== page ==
S: The Maya and More: Belize, Guatemala and Honduras 2012
FC: The Maya and More Belize, Honduras, Guatemala October 2012 | Lost World Tikal Guatemala
2: A | Belize Zoo
3: BELIZE CITY 10-11-12 English is the national language of Belize. Most people also speak Spanish and a Creole to each other. Even in the Mayan village everyone speaks those three languages plus their own Mayan dialect. Creole expressions casino = 'contribution center' speed bumps (upon entering and exiting all settlements) = 'sleeping policeman' unBELIZEable The education system is a combined effort of church and state. The church builds the buildings and teaches their own religion and the state pays the salaries of the teachers. Belize is the size of Massachusetts, with about 350K citizens, and 6 traffic lights in the country. Roundabouts frequently substitute for traffic lights. Belize became independent from Great Britain in 1981. The queen is still on Belizian coins and currency. Any Belizian citizen over age 18 can get a free plot of land from the government, size depending on the location (100x50 in the city, 75 acres in the country). Houses are built as families save money, meaning that the countryside is full of partially built concrete structures. at the end, most Belizians own their own homes. The administrative capital Belmoran had a population of 7K, doubled in recent years by refugees from El Salvador. Belize exports raw brown sugar, orange juice concentrate (Minute Maid and Tropicana), bananas, lobster, conch, shrimp and farm raised tilapia, chocolate (Hershey) and crude oil. They decided not to refine oil in country to avoid polluting their Great Barrier Reef and 3 atolls that draw the tourists. TO SAN IGNACIO 10-12-13 We visited the Belize zoo but missed the jaguars due to construction. The zoo is a refuge for wild animals used in making documentary films about rain forests. Visiting San Antonio, a village of 3000 Mayan farmers, we learned about plants used for healing, Mayan cooking (sampling home ground tortillas, atole and pumpkin cooked in honey). A woman's cooperative also makes pottery from clay harvested locally. We are experiencing the rainy season, with 100% humidity, rain this am and 3 times this afternoon. "Please do not flush the toilet with your foot" In the hotel shuttle "If you must accept a ride with someone write down a description of the person and vehicle and leave on the front seat of the disabled vehicle" Toilet paper is not flushed but put in a basket next to the toilet. Elderhostel's first trip was this one, the Mayan ruins, and it has been running for 18 years. Our guide Julio is guiding this trip for the 99th time. The group has an unusual number of single people (3 couples, one threesome, 9 singles and 1 from the travel agency). We do have the usual complement of nurses and teachers plus retired military, including one WAC. One couple is joining us late due to a blizzard in Vermont. The bus is designed for smaller people and we have just enough seats for everyone, with no extra room for carry-ons. Guess I can't shop until the end.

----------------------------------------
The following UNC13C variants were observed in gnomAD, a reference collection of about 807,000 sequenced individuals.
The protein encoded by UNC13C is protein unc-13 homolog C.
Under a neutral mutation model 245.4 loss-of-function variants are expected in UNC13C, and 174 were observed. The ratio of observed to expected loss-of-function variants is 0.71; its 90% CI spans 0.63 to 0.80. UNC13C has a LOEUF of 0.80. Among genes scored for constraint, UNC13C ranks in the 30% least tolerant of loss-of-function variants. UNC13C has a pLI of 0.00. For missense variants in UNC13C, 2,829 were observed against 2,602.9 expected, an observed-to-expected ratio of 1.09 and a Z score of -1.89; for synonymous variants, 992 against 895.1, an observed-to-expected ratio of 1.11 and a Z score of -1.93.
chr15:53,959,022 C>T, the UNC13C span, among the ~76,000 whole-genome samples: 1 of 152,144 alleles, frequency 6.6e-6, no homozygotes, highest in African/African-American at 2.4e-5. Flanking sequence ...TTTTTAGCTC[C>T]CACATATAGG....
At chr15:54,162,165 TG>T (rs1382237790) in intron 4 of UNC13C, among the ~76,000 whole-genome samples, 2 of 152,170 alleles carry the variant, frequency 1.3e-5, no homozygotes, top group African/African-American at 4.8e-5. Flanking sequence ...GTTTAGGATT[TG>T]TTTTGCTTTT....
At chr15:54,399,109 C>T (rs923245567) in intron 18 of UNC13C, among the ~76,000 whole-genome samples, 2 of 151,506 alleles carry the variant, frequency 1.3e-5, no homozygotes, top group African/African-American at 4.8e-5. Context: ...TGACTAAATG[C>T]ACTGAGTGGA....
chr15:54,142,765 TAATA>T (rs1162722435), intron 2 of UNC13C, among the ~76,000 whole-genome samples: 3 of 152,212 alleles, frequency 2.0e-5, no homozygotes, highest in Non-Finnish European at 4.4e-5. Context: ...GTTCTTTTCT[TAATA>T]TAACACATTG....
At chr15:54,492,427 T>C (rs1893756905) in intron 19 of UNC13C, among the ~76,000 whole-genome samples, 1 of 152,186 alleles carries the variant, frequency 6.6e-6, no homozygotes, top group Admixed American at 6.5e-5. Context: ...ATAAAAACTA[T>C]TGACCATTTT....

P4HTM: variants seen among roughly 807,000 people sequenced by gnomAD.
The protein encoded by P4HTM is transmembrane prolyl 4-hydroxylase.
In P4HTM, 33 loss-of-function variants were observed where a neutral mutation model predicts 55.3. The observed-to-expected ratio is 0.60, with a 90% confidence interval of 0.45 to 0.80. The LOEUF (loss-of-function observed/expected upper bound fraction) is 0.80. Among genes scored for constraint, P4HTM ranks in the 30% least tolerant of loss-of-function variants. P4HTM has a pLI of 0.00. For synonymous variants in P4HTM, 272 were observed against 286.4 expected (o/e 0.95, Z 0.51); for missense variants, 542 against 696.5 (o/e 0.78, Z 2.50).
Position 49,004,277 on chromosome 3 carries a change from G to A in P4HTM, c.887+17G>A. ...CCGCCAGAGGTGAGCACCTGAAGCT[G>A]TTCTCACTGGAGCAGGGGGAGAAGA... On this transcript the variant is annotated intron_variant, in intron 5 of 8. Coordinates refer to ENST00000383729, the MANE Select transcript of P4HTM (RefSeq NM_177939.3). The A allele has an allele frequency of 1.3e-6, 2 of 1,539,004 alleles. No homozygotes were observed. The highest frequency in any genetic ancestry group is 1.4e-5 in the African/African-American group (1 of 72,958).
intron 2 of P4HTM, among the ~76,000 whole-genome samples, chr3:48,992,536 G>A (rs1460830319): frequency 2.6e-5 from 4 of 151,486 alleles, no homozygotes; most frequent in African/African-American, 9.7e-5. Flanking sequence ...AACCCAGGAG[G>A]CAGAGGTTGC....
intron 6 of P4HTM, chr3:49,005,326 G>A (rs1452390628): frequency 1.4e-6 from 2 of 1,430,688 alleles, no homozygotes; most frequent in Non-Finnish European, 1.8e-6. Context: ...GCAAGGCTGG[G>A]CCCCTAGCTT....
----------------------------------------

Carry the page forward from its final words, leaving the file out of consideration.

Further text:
4: Mayan Shaman | Making Tortillas | Cooking area
5: SAN IGNACIO BELIZE 10-13 We walked to the San Ignacio farmers market this morning. Our guide Patrick is a native and he is very proud that the city is renovating its downtown area. The Belize government granted a group of Mennonites 45 sq acres of jungle in Spanish Lookout in the 50's. For 20 years the Mennonites were not required to pay taxes as they developed their land, cornering the market on chicken and eggs, dairy (Brahmas), imported tires. Their prices undercut other local entrepreneurs. When oil was found on their land in 2004 (and no where else in Belize), oil wells were added. The area looks like anywhere in the American Midwest, rolling fields, farm implement stores, tractor sales. The small initial group (5k to 7k) is now marrying into Belize and facing the problems of most modern parents - kids fascination with dirt bikes and motorcycles and the consumer life style. despite the big pickup trucks, the big billboards and the car dealership style buildings, the community has only one road in and one road out and it is marooned during floods. Since Belize has no car manufacturing and the tax on new cars is 54%, many Belizians make a living by buying cars in the US and driving them down to Belize in 3 or 4 days. Taiwan is working with Belizian agriculturalists, offering scholarships in Taiwan to Belize citizens and offering other aid in an effort to gain support for recognition as a nation in the UN. We visited the green iguanas. At one point I had 8 crawling all around my head. They tickle. The iguana is one of only three animals in the world to have 3 penises. Cahal Pech, city of ticks, is a very early Mayan site. It contains 7 courtyards and 2 ball courts and lots of mud. The Mayans had 6 directions East red, West black,, North white (for salt), South yellow, Up blue and Down green, 13 layers of heaven and 9 layers of hell. The calendar has 13 lunar months. The change in counting the dates in December is not an end of the world but marks a new creation and the beginning of a new cycle. Previous creations included Mud Man, and Straw Man and we are now in Maize Man. | San Ignacio market | San Ignacio street